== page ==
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You’ve heard the terms – MRI, CT scan, and X-ray. Chances are you know these are imaging scans used to evaluate and diagnose patients. But do you know how and why they’re used?
Medical imaging has become a huge part of patient care, in both hospital and clinic settings. Whether it’s a bone fracture, heart complication or lump in the breast, your physician now depends on this technology for diagnosis and treatment.
Multiple types of imaging scans are used each day and understanding the difference can be confusing. Kurt Brauer, BS, RT (R) (MR), Inpatient Imaging manager at Memorial Medical Center, breaks down the major technologies below so you’ll better understand what’s involved the next time your doctor recommends a scan. Read the rest of this entry »
March is nearly over — how’s that New Year’s resolution to exercise going? Is your gym membership card still being used regularly?
Starting a fitness routine is the easy part; sticking with the routine seems to be the hard part. During the first few weeks of your new exercise routine, you’re pumped to exercise. Everything’s going great – you make it to the gym every day you planned to, you’re feeling great and full of energy, and you’re wondering why you haven’t done this before … and then BAM! Life happens. Or you don’t see the results you want right away and simply give up.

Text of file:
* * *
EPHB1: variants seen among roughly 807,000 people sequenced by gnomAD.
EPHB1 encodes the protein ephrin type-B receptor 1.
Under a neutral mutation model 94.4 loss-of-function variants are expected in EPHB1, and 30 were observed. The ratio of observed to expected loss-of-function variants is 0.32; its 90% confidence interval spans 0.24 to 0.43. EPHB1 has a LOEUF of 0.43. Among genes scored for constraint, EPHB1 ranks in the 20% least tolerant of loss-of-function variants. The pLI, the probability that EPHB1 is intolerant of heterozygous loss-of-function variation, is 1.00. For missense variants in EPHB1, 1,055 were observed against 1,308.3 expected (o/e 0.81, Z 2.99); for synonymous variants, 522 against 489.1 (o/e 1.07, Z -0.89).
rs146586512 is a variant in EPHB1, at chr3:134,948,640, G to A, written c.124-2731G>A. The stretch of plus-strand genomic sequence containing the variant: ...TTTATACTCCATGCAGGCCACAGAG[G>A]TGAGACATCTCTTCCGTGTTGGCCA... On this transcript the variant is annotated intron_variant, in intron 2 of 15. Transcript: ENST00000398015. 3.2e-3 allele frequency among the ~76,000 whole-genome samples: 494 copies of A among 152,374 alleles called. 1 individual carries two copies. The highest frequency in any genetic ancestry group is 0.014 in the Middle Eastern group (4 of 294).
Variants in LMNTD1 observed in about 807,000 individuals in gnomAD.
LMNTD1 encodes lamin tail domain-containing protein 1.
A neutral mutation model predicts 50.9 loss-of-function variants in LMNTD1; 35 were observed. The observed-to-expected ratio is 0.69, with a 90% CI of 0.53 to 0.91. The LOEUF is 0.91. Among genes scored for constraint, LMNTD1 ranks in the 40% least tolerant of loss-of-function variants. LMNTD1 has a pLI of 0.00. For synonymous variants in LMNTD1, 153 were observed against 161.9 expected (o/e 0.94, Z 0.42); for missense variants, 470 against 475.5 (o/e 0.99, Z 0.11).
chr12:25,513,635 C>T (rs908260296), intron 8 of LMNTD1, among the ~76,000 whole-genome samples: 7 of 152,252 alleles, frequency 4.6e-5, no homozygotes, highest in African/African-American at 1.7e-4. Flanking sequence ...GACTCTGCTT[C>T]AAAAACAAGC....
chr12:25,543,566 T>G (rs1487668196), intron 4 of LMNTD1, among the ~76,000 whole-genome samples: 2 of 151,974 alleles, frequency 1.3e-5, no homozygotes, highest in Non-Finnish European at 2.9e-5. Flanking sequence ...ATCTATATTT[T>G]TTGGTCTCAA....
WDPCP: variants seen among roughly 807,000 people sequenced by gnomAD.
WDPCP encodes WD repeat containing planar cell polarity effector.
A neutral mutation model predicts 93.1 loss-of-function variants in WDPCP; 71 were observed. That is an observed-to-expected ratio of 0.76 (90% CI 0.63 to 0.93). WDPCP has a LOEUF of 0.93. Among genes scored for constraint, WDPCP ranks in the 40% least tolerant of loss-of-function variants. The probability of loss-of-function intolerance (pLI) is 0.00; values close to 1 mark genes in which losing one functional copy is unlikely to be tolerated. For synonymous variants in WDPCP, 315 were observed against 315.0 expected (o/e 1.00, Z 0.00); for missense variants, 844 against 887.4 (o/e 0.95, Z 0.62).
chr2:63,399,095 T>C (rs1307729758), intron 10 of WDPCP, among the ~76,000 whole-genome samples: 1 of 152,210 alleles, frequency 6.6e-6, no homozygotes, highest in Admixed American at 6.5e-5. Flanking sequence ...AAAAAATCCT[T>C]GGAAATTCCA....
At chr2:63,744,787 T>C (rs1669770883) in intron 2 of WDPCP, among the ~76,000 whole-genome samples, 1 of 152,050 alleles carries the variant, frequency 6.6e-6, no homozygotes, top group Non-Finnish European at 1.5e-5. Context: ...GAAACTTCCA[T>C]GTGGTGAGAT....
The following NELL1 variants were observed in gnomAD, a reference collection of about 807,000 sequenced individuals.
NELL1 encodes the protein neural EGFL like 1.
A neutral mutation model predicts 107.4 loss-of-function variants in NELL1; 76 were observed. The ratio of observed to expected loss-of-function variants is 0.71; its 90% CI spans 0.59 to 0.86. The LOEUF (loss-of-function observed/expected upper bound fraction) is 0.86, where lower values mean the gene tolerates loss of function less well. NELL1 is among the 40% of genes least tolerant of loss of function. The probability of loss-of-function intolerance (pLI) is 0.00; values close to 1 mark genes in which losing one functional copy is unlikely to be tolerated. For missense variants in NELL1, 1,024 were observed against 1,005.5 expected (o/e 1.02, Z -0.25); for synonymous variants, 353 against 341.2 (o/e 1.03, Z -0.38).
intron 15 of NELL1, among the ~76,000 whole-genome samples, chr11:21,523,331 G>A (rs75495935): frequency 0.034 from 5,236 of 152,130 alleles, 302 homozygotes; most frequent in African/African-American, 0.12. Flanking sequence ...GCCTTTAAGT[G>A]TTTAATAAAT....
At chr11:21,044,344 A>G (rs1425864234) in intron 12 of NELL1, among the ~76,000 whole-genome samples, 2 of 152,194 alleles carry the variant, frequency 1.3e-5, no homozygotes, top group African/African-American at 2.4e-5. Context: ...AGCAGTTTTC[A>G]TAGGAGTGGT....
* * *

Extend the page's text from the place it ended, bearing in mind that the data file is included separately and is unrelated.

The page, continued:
Yet it is apparent that many people do manage to hang in there. They would no sooner skip their morning workout than their morning shower. What’s their secret? Super exercise powers? Read the rest of this entry »
Children can’t wait to play outside now that warmer weather has arrived. But something’s out there waiting for many of them, too: Seasonal allergies are back.
Allergies most often begin to appear in children between 2 and 5 years old, said Ashish John, MD, a pediatrician with Koke Mill Medical Associates in Springfield, part of Memorial Physician Services.
Dr. John said children may have allergies if they have a constant cough, a constant runny nose or if they regularly sound congested. Other common signs that parents don’t often recognize – a child who is constantly clearing his or her throat or rubbing his or her eyes.
If you suspect allergies, it’s important to call your family doctor or pediatrician to schedule an appointment and discuss the symptoms. Read the rest of this entry »
You can feel it coming on. Light hurts your eyes. Whispers grate on your ears. The pounding in your head reminds you of a construction zone.